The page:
Climate security risks are becoming increasingly noticeable. Extreme heat and drought aggravate water and food insecurity in the world’s already most fragile countries. Extreme weather events lead to more calls for military assistance at home and abroad, unbearable living conditions force people to migrate, and melting ice in the Arctic heightens existing tensions between world powers. Climate interventions can contribute to peace and stability, but can also exacerbate inequalities or lead to concerns over a new form of (climate) imperialism.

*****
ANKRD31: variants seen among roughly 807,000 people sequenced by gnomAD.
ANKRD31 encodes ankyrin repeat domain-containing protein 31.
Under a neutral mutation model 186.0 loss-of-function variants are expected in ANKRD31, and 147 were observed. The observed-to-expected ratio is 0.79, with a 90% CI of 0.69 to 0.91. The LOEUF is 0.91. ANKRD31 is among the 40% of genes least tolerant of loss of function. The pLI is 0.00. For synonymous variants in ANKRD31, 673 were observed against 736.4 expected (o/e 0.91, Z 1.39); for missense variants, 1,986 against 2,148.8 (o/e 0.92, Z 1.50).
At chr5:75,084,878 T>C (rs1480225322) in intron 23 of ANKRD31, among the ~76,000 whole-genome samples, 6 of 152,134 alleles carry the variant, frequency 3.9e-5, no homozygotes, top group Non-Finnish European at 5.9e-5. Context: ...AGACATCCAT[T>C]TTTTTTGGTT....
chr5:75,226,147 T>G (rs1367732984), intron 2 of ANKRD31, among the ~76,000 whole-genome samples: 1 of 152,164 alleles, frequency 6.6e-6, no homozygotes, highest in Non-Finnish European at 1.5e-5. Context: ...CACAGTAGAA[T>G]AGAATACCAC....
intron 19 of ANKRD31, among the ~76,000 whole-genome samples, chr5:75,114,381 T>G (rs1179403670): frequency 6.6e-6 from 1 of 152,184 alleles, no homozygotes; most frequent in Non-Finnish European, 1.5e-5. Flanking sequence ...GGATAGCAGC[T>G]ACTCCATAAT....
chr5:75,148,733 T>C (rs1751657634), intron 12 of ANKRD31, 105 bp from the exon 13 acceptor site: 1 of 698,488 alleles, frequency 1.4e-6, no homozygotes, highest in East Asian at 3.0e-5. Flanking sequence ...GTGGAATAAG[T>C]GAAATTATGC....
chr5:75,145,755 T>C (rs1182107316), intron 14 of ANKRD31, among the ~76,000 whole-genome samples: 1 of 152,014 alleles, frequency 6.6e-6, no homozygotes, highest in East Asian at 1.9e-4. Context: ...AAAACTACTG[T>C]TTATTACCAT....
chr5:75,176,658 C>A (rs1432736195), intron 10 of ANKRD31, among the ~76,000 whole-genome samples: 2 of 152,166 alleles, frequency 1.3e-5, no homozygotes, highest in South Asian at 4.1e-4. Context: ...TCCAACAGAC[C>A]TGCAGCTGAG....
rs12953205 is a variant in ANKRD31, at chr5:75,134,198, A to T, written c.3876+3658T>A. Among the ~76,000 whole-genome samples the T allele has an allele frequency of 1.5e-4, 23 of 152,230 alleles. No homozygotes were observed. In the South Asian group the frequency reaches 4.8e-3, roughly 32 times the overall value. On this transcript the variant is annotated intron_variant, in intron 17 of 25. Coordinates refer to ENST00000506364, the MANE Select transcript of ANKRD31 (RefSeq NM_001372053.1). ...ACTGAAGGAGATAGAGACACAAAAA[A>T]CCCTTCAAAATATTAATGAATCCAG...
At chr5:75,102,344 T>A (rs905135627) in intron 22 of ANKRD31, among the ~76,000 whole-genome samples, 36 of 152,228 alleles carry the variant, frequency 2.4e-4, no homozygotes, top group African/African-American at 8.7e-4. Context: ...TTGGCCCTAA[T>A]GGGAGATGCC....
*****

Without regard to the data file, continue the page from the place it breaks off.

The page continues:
Up until now, climate security was referred to in Dutch foreign, defence and climate policies, but only in a minimal way. The international climate strategy of the Netherlands, its resources strategy, the government-wide security strategy and the recent Africa strategy recognise the relationship between climate change and (inter)national security. But the proof of the pudding is in the eating, in this case in policy implementation. Implementation would mean including security and conflict risk assessments in climate and resource interventions (including in the food and water sector), considering climate interventions that enhance living conditions in areas of potential mass migration, expanding military capacity for Humanitarian Assistance and Disaster Response (HADR), reducing the carbon and resources footprint of humanitarian and military activities and missions, preparing better to undertake such missions in harsher climatic conditions.